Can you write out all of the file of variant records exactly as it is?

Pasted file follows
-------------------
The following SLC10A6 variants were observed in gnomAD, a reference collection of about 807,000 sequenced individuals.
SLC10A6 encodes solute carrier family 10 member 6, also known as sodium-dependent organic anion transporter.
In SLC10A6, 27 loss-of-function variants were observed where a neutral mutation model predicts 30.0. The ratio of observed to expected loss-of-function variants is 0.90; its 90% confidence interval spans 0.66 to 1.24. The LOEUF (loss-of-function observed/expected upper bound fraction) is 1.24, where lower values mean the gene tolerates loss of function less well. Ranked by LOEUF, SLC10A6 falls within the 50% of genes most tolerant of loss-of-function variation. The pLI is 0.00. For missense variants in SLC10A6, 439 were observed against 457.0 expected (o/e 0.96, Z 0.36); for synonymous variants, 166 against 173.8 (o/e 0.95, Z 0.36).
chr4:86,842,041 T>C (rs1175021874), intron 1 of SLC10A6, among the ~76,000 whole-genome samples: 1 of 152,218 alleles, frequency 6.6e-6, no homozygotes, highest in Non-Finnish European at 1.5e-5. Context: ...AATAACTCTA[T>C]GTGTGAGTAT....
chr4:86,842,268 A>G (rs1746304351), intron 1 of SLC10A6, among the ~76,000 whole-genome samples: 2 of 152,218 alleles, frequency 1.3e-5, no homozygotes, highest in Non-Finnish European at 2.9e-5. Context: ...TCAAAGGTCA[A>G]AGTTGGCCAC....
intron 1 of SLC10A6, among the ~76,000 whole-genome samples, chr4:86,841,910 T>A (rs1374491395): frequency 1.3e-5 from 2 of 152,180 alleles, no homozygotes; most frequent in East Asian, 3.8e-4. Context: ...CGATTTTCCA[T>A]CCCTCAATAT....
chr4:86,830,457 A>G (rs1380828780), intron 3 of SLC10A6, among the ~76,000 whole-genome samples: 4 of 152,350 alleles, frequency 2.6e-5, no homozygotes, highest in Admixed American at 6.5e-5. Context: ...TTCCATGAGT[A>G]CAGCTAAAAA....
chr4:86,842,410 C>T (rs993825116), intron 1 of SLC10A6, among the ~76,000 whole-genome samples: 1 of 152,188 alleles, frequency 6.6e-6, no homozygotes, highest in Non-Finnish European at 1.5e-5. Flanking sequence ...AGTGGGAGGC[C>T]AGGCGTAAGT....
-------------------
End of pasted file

The following SLC10A6 variants were observed in gnomAD, a reference collection of about 807,000 sequenced individuals.
SLC10A6 encodes solute carrier family 10 member 6, also known as sodium-dependent organic anion transporter.
In SLC10A6, 27 loss-of-function variants were observed where a neutral mutation model predicts 30.0. The ratio of observed to expected loss-of-function variants is 0.90; its 90% confidence interval spans 0.66 to 1.24. The LOEUF (loss-of-function observed/expected upper bound fraction) is 1.24, where lower values mean the gene tolerates loss of function less well. Ranked by LOEUF, SLC10A6 falls within the 50% of genes most tolerant of loss-of-function variation. The pLI is 0.00. For missense variants in SLC10A6, 439 were observed against 457.0 expected (o/e 0.96, Z 0.36); for synonymous variants, 166 against 173.8 (o/e 0.95, Z 0.36).
chr4:86,842,041 T>C (rs1175021874), intron 1 of SLC10A6, among the ~76,000 whole-genome samples: 1 of 152,218 alleles, frequency 6.6e-6, no homozygotes, highest in Non-Finnish European at 1.5e-5. Context: ...AATAACTCTA[T>C]GTGTGAGTAT....
chr4:86,842,268 A>G (rs1746304351), intron 1 of SLC10A6, among the ~76,000 whole-genome samples: 2 of 152,218 alleles, frequency 1.3e-5, no homozygotes, highest in Non-Finnish European at 2.9e-5. Context: ...TCAAAGGTCA[A>G]AGTTGGCCAC....
intron 1 of SLC10A6, among the ~76,000 whole-genome samples, chr4:86,841,910 T>A (rs1374491395): frequency 1.3e-5 from 2 of 152,180 alleles, no homozygotes; most frequent in East Asian, 3.8e-4. Context: ...CGATTTTCCA[T>A]CCCTCAATAT....
chr4:86,830,457 A>G (rs1380828780), intron 3 of SLC10A6, among the ~76,000 whole-genome samples: 4 of 152,350 alleles, frequency 2.6e-5, no homozygotes, highest in Admixed American at 6.5e-5. Context: ...TTCCATGAGT[A>G]CAGCTAAAAA....
chr4:86,842,410 C>T (rs993825116), intron 1 of SLC10A6, among the ~76,000 whole-genome samples: 1 of 152,188 alleles, frequency 6.6e-6, no homozygotes, highest in Non-Finnish European at 1.5e-5. Flanking sequence ...AGTGGGAGGC[C>T]AGGCGTAAGT....